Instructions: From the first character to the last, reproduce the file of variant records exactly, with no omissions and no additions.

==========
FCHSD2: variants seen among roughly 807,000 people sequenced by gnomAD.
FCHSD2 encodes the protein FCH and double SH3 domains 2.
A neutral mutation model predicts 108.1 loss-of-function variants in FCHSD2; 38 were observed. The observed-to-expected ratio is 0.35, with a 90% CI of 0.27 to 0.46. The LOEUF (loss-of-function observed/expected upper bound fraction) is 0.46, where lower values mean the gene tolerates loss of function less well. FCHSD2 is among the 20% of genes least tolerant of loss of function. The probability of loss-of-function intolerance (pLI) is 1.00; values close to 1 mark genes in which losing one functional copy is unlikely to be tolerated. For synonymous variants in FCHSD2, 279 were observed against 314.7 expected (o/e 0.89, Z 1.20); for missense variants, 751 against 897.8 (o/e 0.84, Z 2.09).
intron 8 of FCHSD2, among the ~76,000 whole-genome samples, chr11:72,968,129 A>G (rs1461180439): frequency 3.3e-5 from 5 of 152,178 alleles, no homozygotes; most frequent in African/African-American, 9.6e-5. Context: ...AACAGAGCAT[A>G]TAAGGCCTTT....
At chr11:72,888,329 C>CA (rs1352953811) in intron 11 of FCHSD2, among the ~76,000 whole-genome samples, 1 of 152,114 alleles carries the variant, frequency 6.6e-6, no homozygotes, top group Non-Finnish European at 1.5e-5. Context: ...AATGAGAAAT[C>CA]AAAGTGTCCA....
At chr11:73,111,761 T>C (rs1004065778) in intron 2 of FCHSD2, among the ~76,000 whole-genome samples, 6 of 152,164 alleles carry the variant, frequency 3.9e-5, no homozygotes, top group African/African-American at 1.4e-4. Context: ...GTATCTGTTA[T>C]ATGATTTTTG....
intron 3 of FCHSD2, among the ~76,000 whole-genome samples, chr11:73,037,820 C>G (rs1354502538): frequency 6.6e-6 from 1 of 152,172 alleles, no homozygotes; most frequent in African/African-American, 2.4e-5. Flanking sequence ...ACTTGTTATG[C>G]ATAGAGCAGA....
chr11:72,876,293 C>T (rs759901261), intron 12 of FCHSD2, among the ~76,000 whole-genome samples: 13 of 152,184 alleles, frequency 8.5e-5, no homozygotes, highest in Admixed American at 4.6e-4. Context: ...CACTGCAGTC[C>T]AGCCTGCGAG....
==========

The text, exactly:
FCHSD2: variants seen among roughly 807,000 people sequenced by gnomAD.
FCHSD2 encodes the protein FCH and double SH3 domains 2.
A neutral mutation model predicts 108.1 loss-of-function variants in FCHSD2; 38 were observed. The observed-to-expected ratio is 0.35, with a 90% CI of 0.27 to 0.46. The LOEUF (loss-of-function observed/expected upper bound fraction) is 0.46, where lower values mean the gene tolerates loss of function less well. FCHSD2 is among the 20% of genes least tolerant of loss of function. The probability of loss-of-function intolerance (pLI) is 1.00; values close to 1 mark genes in which losing one functional copy is unlikely to be tolerated. For synonymous variants in FCHSD2, 279 were observed against 314.7 expected (o/e 0.89, Z 1.20); for missense variants, 751 against 897.8 (o/e 0.84, Z 2.09).
intron 8 of FCHSD2, among the ~76,000 whole-genome samples, chr11:72,968,129 A>G (rs1461180439): frequency 3.3e-5 from 5 of 152,178 alleles, no homozygotes; most frequent in African/African-American, 9.6e-5. Context: ...AACAGAGCAT[A>G]TAAGGCCTTT....
At chr11:72,888,329 C>CA (rs1352953811) in intron 11 of FCHSD2, among the ~76,000 whole-genome samples, 1 of 152,114 alleles carries the variant, frequency 6.6e-6, no homozygotes, top group Non-Finnish European at 1.5e-5. Context: ...AATGAGAAAT[C>CA]AAAGTGTCCA....
At chr11:73,111,761 T>C (rs1004065778) in intron 2 of FCHSD2, among the ~76,000 whole-genome samples, 6 of 152,164 alleles carry the variant, frequency 3.9e-5, no homozygotes, top group African/African-American at 1.4e-4. Context: ...GTATCTGTTA[T>C]ATGATTTTTG....
intron 3 of FCHSD2, among the ~76,000 whole-genome samples, chr11:73,037,820 C>G (rs1354502538): frequency 6.6e-6 from 1 of 152,172 alleles, no homozygotes; most frequent in African/African-American, 2.4e-5. Flanking sequence ...ACTTGTTATG[C>G]ATAGAGCAGA....
chr11:72,876,293 C>T (rs759901261), intron 12 of FCHSD2, among the ~76,000 whole-genome samples: 13 of 152,184 alleles, frequency 8.5e-5, no homozygotes, highest in Admixed American at 4.6e-4. Context: ...CACTGCAGTC[C>T]AGCCTGCGAG....